Early Kayan Tattoo Blocks

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Here is a collection of Kayan tattoo blocks documented by Dr. A. W. Nieuwenhuis during his expedition to Borneo in early 1900s. I would like to post it here, because it clearly shows the size of the shoulder rosettes in relation with the arm motifs. The Kayan took pride in their craftsmanship, and have the greatest admiration for beauty. I hope to find a better picture than what I have now. But even with the following picture, one can see the excellent workmanship in the details of the rosette motifs.

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Wooden blocks with figures used in tattooing. Left, shoulder rosettes. Right, arm figures.

 

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Glow-In-The-Dark Tattoos

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There is the interesting idea of getting a tattoo that is invisible under ordinary light. But when the tattooed area goes under a UV light, it comes alive! For this, there are approved ultraviolet reactive ink for tattoos.

Elements that glow in the dark without help from UV light contain phosphors – a substance that glows brightly after being ‘charged’ under another source of light. Inks with phosphors have been used in tattooing. However, none of them has been approved to be used. Why? Phosphors are a known carcinogen – to make phosphors more visible and emit more light, a tiny amount of radioactive substance is added.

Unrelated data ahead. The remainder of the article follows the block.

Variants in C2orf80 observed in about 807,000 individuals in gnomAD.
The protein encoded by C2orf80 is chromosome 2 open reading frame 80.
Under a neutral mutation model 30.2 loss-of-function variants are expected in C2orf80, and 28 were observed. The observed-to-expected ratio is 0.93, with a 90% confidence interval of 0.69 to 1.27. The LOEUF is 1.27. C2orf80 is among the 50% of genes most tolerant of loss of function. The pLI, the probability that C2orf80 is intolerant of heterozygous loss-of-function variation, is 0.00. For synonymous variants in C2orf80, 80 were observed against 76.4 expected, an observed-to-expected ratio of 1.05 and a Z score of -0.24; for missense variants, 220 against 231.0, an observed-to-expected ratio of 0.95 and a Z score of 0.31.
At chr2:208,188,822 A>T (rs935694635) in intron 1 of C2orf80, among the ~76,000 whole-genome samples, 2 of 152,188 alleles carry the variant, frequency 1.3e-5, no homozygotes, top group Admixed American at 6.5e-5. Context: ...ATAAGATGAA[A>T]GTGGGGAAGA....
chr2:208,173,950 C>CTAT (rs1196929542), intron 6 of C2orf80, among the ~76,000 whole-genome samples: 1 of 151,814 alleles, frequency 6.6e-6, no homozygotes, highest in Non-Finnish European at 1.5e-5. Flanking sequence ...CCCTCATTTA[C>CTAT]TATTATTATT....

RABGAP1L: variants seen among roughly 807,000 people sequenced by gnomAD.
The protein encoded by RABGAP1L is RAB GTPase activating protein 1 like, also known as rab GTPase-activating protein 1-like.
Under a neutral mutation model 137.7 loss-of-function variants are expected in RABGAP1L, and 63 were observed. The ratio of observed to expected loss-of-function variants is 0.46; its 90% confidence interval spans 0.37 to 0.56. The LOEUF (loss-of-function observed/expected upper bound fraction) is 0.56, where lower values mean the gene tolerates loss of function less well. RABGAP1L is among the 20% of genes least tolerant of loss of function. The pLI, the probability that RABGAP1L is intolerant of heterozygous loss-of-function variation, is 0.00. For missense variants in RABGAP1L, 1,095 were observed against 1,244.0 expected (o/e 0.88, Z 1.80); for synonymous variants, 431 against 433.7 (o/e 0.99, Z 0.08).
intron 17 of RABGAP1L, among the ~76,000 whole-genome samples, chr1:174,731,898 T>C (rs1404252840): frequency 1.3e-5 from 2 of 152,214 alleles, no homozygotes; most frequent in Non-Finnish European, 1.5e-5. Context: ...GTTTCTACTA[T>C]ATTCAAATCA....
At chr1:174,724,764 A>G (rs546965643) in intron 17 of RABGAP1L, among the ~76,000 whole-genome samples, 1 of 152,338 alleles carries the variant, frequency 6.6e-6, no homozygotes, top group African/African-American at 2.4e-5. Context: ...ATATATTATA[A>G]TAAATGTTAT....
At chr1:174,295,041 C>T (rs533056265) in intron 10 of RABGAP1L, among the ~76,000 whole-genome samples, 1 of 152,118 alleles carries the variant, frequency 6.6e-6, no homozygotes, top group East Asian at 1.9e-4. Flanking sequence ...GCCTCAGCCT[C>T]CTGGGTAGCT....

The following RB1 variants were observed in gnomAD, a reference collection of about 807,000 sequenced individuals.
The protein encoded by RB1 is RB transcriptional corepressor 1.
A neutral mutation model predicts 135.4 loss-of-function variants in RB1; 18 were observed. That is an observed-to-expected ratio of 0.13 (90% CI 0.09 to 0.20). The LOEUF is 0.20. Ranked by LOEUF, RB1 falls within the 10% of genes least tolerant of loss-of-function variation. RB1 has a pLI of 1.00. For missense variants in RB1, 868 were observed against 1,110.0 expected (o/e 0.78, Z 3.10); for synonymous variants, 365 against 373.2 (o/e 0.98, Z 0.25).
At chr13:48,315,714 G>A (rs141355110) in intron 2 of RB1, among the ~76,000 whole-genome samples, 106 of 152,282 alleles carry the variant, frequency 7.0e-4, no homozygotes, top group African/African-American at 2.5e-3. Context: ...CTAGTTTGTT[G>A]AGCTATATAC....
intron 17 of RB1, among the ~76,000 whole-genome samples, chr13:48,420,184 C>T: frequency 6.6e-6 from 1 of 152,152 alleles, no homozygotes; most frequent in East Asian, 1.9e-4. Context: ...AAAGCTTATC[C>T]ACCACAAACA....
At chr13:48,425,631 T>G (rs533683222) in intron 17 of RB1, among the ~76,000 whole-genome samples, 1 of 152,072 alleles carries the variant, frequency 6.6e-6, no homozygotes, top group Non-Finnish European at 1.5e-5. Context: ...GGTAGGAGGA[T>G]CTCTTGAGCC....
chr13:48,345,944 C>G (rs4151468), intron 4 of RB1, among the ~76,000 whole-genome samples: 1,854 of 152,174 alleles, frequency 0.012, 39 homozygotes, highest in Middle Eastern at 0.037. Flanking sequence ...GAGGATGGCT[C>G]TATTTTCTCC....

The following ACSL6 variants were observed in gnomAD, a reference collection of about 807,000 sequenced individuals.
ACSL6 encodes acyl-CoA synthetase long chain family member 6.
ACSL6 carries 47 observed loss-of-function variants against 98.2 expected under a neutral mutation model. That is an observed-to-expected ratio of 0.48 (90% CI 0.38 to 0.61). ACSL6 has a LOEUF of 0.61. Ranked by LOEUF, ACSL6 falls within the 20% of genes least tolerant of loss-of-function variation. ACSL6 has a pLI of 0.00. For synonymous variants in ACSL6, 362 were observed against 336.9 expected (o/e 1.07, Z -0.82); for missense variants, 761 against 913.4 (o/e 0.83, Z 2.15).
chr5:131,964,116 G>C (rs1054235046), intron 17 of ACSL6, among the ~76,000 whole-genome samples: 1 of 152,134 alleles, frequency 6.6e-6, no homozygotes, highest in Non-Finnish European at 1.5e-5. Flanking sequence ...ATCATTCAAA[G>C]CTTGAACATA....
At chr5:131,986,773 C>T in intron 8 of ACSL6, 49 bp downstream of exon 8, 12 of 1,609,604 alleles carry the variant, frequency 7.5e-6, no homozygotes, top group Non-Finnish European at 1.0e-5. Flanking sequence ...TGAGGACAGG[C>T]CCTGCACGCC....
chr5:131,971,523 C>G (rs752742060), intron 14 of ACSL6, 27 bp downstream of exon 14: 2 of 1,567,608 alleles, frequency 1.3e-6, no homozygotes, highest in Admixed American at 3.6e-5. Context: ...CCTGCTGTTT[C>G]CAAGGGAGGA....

Practice caution if you want to get one. Know what type of ink that is going under your skin.

Photograph © SLACKFERNO @ Flickr

For more black-light tattoos, check out these 18 Stunning Black-Light-Responsive Tattoos.

Stereoscopy In Tattoos – Anaglyph 3d

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To begin, one must understand how rudimentary 3D vision works. A sense of perspective can be achieved with one eye, but two parallel eyes are needed to perceive depth and relative distances in space. The two separate images perceived by the eyes are merged by the brain to form a single picture. Englishman Charles Wheatstone, discovered a way to represent three-dimensional images on a flat surface in 1838.  At this same time, photography was invented almost simultaneously in France and England. With the discovery that stereoscopy is possible, ‘Stereoscopes’ or viewing equipment, were started to be created with two viewing lenses, each to look at two separate, but same, photographs.

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A pair of antique, Victorian, stereoscopic cards with black and white photographic images of little children. By Kelley & Chadwick Publishers, Office: Chicago USA Studio © 1904, entitled “Give You A Penny For A Kiss & He Got The Kiss”

A stereoscope typical of ones from the 1900s. © Pearson Scott Foresman

A stereoscope typical of ones from the 1900s. © Pearson Scott Foresman

Anaglyph comes from two Greek words, “anagluphos”, which means “wrought in low relief” and the word “anagluphein”, which means “to carve in relief”. This process was pioneered in 1850 by two Frenchmen, Joseph D’Almeida and Louis Du Hauron. They created images where red and blue filters were used for color separation, and the viewer had to wear red and blue glasses to view the image with the intended effect: stereoscopic imagery – pictures with the illusion of depth.

A novel way of wearing tattoos will be getting it done in anaglyph 3D. The call for admiration of the tattoo workmanship more than makes up for the extra action of putting on 3D glasses to view it in a proper context. A quick search on the internet brought up only a few examples of 3D tattoos. This shows that there is potential for expansion of this quirky tattoo idea.

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Left) Courtesy of Joker the Tattoo Shop, Finland. Tattoo by Tuula Joka.